What Is Being Done?Per the Communicable Disease Rule R386-702-3, health care providers and laboratories are required to report cases of Shiga toxin-producing ''E. coli'' to the Bureau of Epidemiology or the local health department. The Communicable Disease Investigation and Response Program at the Utah Department of Health assists local health departments with the investigation of cases and outbreaks and implementation of control measures to prevent further cases. Because diagnosis solely on the basis of detection of Shiga toxin does not sufficiently protect the public's health, characterizing STEC isolates by serotype and pulsed-field gel electrophoresis (PFGE) patterns is critical to detect, investigate, and control outbreaks. Screening of stool specimens by clinical diagnostic laboratories for Shiga toxin by enzyme immunoassay, subsequent bacterial culture using sorbitol MacConkey agar (SMAC), and forwarding enrichment broths from Shiga toxin-positive specimens that do not yield STEC O157 to state or local public health laboratories are important for public health surveillance of all STEC infections. Local health departments make an attempt to interview every case of Shiga toxin-producing ''E. coli'' infection reported to public health. Information gathered during these interviews includes food history, water exposure, animal exposure, travel history, outdoor history, and contact with ill individuals. Data from these interviews are analyzed and used to identify outbreaks and common sources of infection. In addition, patients are provided with information on high risk exposures and how to prevent future STEC infection in themselves and their families. Public Health promotes methods to prevent ''E. coli''-related illness by following general guidelines, such as: *Always refrigerate meat products. Never leave raw meat at room temperature. *Ground beef should be packaged and stored so that its juices (blood) do not drip onto other foods. *Do not contaminate other foods by placing them on the same platter or surface that held raw meat or by using utensils which have been contaminated by raw meat. *Always cook meats completely, especially ground beef. Cooking until there is no pink in the middle and the juices run clear is not indicative of doneness. Cook until a meat thermometer indicates 160 degrees F or higher. *Avoid using unpasteurized (raw) milk or juices. *Carefully wash hands before and after preparing and/or eating food. *Always wash hands with soap and warm water after using the toilet or changing diapers. [[br]] Visit [http://www.cdc.gov/handwashing/] for proper hand washing techniques.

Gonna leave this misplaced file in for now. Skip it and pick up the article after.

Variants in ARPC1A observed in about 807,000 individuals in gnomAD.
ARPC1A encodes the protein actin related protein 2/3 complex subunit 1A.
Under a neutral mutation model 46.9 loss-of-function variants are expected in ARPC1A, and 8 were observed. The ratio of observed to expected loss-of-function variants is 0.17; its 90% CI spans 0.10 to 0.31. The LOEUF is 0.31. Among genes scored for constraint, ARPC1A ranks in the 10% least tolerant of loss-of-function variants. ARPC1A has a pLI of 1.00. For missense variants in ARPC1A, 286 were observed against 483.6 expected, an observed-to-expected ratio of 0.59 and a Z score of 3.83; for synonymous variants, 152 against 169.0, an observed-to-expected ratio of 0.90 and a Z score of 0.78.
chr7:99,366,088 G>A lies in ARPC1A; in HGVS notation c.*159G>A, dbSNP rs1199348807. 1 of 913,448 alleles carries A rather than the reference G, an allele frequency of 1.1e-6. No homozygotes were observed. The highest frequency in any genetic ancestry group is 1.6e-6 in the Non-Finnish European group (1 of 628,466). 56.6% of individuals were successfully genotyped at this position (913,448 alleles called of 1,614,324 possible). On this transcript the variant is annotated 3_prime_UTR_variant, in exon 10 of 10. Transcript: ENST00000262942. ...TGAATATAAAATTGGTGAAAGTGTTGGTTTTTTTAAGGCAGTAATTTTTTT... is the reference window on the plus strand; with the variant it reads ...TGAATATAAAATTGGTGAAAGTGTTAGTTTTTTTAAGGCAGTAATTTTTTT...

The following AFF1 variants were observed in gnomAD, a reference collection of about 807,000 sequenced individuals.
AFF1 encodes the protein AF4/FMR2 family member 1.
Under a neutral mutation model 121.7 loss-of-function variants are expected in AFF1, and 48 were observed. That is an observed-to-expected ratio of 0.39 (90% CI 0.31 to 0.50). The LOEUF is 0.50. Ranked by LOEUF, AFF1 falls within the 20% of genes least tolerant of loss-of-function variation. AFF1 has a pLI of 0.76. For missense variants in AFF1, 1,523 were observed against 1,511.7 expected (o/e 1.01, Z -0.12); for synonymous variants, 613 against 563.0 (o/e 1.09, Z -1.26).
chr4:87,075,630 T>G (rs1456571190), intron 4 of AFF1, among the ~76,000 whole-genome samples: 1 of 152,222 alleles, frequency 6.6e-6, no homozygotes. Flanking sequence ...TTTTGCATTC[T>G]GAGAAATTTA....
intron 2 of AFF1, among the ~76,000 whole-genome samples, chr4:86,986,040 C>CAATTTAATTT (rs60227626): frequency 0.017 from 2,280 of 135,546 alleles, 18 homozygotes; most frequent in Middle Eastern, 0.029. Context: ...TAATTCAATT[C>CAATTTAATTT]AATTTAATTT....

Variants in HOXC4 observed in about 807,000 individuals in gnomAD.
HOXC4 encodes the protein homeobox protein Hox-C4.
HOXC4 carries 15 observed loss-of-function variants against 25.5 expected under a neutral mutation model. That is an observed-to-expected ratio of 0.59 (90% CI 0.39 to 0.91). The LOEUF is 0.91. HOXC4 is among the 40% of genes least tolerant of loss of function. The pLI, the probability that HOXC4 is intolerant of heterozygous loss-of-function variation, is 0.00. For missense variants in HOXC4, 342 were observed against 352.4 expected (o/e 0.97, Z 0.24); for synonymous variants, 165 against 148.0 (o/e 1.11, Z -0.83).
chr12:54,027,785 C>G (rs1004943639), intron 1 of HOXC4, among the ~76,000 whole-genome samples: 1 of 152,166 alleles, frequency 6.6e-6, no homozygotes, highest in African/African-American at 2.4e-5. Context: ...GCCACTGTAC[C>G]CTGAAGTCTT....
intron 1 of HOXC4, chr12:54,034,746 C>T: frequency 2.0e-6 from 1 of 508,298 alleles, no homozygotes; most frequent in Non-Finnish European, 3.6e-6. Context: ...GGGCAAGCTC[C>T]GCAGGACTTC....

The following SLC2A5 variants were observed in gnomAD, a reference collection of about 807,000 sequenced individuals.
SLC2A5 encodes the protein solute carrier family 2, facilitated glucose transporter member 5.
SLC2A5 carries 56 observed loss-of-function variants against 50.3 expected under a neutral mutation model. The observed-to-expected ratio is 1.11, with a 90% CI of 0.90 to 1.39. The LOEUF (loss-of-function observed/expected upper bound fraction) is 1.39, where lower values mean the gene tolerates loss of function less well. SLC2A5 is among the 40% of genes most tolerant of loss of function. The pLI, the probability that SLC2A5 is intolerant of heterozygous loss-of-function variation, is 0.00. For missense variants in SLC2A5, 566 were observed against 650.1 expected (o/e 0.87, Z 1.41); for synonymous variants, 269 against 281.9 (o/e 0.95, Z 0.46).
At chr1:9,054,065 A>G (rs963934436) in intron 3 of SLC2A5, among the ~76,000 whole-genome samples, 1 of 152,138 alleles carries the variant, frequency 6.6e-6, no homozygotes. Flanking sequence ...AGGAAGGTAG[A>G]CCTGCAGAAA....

Available ServicesFoodborne disease outbreaks and other outbreaks are investigated primarily by local health departments in collaboration with Utah Department of Health as needed.[[br]] [http://www.ualhd.org/]
Page Content Updated On 10/31/2016, Published on 01/03/2017